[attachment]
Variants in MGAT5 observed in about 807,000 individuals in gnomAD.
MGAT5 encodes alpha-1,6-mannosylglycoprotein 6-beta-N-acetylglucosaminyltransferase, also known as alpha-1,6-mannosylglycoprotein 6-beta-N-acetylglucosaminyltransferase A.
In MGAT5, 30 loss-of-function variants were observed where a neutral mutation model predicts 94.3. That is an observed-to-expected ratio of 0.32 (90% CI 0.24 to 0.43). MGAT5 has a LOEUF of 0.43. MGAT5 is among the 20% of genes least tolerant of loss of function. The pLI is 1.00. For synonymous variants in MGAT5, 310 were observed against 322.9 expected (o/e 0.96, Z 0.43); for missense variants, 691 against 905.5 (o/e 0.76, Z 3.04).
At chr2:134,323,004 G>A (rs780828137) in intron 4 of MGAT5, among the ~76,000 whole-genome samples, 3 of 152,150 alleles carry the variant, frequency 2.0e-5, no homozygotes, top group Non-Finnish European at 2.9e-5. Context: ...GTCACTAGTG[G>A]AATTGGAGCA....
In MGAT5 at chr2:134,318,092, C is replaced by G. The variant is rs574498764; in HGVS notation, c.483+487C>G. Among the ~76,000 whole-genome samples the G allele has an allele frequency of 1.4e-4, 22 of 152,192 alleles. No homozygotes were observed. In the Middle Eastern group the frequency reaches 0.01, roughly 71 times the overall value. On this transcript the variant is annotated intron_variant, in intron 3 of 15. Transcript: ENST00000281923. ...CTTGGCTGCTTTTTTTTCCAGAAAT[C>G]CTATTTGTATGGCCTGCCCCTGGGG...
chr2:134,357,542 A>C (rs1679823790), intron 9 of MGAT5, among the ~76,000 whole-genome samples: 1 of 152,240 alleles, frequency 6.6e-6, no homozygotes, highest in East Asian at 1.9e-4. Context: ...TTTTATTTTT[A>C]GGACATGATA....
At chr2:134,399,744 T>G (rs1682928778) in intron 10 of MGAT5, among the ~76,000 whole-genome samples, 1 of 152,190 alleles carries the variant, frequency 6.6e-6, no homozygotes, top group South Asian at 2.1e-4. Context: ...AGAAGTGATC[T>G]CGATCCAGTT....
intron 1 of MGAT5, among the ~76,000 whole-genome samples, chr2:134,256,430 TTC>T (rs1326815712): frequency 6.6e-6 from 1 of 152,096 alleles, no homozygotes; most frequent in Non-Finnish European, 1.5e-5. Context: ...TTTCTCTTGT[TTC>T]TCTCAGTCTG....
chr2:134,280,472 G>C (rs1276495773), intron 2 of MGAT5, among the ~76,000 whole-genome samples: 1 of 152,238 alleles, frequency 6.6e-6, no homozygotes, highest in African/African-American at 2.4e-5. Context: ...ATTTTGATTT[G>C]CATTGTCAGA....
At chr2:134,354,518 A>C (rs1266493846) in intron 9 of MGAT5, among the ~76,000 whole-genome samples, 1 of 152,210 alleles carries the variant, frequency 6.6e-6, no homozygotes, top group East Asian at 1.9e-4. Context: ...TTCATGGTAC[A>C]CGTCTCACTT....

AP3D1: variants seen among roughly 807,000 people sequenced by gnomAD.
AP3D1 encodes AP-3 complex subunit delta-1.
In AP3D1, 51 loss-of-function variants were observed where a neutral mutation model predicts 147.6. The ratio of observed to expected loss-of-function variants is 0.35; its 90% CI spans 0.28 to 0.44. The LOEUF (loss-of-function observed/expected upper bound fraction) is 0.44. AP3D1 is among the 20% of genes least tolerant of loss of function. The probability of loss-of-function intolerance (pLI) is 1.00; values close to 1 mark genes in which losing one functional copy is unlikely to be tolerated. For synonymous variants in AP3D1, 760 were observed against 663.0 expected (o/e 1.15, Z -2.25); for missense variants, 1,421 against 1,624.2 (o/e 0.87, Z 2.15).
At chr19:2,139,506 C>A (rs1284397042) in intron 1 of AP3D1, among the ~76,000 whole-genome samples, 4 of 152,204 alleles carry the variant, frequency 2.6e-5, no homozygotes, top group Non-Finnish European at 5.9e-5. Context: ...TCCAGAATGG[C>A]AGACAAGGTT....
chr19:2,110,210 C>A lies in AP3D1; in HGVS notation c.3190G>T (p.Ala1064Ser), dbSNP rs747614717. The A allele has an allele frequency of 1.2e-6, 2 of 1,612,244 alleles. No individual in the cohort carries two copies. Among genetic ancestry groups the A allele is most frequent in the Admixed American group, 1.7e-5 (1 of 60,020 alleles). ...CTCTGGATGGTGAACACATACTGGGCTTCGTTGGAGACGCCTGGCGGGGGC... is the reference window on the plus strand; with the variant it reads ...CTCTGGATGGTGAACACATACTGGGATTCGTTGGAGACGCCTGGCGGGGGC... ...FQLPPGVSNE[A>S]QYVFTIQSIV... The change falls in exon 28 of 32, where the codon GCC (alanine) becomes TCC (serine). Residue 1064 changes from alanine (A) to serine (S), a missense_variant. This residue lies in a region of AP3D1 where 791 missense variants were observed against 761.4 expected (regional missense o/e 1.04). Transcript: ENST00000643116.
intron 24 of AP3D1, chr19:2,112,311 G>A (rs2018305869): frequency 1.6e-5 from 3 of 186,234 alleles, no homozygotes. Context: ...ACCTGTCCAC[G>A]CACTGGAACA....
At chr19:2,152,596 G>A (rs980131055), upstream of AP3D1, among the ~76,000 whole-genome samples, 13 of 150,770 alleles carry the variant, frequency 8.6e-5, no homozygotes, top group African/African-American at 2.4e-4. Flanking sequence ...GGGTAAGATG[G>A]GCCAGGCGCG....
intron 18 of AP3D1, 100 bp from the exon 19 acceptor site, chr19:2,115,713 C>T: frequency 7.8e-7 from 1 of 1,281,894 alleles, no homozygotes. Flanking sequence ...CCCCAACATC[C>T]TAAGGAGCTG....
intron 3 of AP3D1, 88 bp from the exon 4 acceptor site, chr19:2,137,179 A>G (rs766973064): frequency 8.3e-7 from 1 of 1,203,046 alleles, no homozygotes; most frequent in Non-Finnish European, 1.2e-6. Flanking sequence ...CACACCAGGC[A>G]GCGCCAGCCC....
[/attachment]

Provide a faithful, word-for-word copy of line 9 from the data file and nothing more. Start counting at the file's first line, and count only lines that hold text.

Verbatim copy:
chr2:134,280,472 G>C (rs1276495773), intron 2 of MGAT5, among the ~76,000 whole-genome samples: 1 of 152,238 alleles, frequency 6.6e-6, no homozygotes, highest in African/African-American at 2.4e-5. Context: ...ATTTTGATTT[G>C]CATTGTCAGA....